Even in the joy of perfectly good days, there is a longing for my classroom on the other side of the planet and the little people who were mine for a season. Sometimes I get into my car to drive home from school or lace up my shoes for a run and find myself sobbing into my hands, a song from the radio or my iPod unexpectedly pulling me back in time to the golden sunshine of my classroom, the faces of my students, and the dreams we built together.

IMG_20160603_232103But I never feel like that on the baseball field. In fact, sometimes that’s where I go when the longing gets too heavy. I’ll just sit by the edge of the field and stare at the empty grass. Birds peck their way through the outfield. Shadows stretch across the diamond like the twisted branches of an enchanted tree, and I fall under its spell.

Finding a place where we feel like we belong is one of the great, often unspoken quests of the human heart.

I thought my place was Prague. But for now it seems to be next to a baseball field and I can only think how lucky I am to be here, in a life such as this.

To girls and people who know them

Dear Tender Hearts,

This started out as an open letter to high school girls, but I’m going to expand the list a little because there are so many more people in this world who are tender-hearted, wide-eyed hopefuls and they can learn from the girls of the world too.

I was inspired to write this because I’ve been hanging out with a lot of high school girls lately. February saw me as an alumna judge at a high school debate tournament, a counselor at a youth winter camp and a freelance sports journalist at the championship game of a girls’ basketball league. So yeah, I’ve been around a lot of giggling, crying, squealing, hugging, bouncing, laughing, dancing girls this month.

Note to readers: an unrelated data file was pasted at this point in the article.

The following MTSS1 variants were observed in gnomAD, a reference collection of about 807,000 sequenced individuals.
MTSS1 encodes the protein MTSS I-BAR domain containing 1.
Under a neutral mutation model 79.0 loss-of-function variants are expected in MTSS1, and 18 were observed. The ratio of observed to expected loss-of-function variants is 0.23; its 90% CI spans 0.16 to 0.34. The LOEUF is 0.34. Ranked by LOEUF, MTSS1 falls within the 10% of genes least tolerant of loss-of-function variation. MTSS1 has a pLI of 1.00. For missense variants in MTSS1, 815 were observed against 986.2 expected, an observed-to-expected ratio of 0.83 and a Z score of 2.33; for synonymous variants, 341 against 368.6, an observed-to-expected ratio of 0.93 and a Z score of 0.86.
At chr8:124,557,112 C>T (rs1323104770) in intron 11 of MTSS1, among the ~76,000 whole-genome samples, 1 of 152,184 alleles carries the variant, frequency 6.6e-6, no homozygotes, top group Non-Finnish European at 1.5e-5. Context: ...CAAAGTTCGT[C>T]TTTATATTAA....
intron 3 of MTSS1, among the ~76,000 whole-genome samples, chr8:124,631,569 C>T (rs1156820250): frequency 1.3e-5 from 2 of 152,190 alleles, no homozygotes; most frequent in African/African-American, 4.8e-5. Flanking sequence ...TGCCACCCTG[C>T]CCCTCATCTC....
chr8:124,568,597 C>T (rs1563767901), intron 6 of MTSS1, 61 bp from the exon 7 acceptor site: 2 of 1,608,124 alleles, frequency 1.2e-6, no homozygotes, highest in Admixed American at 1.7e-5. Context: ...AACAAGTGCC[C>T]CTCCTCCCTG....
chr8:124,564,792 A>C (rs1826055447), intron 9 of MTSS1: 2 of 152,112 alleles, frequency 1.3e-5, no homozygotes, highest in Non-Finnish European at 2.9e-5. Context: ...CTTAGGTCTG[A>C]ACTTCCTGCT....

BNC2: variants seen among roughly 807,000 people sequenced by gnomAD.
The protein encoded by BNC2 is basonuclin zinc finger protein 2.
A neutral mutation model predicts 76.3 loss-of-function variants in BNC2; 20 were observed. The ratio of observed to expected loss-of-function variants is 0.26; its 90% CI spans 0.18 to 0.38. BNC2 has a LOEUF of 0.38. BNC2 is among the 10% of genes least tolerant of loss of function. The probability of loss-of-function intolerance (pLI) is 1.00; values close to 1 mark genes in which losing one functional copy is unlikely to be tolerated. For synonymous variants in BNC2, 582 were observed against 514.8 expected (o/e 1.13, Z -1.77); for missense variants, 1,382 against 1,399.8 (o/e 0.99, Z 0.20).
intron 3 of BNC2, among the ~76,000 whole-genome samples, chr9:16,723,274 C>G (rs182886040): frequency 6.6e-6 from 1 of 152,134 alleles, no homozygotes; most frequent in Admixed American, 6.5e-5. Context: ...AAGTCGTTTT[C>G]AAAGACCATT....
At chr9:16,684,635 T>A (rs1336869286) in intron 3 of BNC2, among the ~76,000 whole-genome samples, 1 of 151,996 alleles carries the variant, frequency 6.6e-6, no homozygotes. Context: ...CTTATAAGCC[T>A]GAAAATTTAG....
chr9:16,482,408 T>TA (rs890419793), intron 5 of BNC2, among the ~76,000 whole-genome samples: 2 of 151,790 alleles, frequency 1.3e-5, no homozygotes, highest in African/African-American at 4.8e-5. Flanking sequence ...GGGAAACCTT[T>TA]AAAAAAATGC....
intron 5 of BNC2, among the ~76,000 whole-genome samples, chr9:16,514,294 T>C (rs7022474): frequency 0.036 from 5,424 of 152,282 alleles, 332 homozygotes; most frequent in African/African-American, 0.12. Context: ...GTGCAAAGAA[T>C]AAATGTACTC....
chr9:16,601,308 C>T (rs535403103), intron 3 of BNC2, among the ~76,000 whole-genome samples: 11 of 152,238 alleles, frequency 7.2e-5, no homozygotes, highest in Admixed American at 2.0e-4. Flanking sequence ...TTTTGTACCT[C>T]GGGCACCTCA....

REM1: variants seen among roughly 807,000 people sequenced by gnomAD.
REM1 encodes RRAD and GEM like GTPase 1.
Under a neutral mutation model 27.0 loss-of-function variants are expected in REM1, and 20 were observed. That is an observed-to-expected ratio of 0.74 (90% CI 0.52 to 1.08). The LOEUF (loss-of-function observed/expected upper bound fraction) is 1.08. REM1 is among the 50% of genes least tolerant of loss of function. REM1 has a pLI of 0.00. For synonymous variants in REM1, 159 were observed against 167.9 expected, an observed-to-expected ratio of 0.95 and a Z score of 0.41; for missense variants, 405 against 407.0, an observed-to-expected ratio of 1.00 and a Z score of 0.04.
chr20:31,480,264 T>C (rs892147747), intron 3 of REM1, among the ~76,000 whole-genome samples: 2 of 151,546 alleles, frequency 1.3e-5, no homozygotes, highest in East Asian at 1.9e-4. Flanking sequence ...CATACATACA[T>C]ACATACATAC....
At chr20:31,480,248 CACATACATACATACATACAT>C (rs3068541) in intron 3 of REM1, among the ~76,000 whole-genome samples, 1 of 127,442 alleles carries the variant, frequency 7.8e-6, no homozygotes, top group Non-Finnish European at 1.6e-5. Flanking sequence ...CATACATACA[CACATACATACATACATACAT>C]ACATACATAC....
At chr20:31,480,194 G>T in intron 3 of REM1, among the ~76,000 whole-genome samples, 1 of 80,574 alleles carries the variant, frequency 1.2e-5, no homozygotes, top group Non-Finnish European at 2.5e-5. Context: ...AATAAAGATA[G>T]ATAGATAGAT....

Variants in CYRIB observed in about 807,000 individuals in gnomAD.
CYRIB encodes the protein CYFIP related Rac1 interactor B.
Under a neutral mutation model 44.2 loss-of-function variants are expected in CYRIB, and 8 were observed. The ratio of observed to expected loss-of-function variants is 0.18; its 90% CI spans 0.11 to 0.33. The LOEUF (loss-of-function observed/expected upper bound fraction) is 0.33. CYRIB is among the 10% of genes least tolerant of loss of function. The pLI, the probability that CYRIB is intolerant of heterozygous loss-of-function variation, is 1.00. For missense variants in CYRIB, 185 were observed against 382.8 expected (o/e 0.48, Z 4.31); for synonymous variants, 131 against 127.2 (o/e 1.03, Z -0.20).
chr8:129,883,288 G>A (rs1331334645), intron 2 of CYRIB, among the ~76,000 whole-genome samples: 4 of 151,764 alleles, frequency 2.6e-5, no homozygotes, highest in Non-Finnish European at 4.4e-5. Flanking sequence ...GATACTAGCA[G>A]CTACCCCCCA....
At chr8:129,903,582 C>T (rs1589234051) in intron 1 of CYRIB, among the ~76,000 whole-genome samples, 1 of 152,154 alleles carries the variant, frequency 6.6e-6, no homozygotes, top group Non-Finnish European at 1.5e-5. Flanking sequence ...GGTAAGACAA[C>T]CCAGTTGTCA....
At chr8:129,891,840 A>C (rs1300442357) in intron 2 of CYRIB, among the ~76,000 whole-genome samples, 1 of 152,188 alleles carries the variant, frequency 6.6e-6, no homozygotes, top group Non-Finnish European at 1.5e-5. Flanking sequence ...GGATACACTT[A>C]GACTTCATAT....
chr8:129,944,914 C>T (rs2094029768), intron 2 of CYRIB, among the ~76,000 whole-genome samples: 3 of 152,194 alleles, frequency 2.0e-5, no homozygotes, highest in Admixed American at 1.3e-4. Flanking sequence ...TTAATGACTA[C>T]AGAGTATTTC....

Perhaps college (and then “adult life” and then “college: round two”) has embittered me to the once golden years of my girlhood. Recently I have found myself looking back on those years (8-11 grade, mostly) with a shudder and a grimace.

I was loud. I was nerdy. I was self-righteous and so self-absorbed (Oooookay, I honestly thought this list wasn’t going to sound so much like present-day me. Awkward). I roll my eyes at the stupid ideas I had about boys and cringe thinking about the things I did to impress them. The whole world was so unstable, it could have shattered with a glance (not that I had the social skills to perceive which glances were earth-shattering and which weren’t). I prided myself on knowing everyone, and in the end, I don’t think I really knew anyone.

My real friends were all saints for putting up with me for so long. So were my parents.

When I finally have my fifteen children, I hope they’re all boys, I tell myself sometimes. Girls are a mess.

But this month changed my mind. (Not about the fifteen kids – that’s still basically a life goal).

Courage, sacrifice, determination, commitment, toughness, heart, talent, guts. That’s what little girls are made of.
-Bethany Hamilton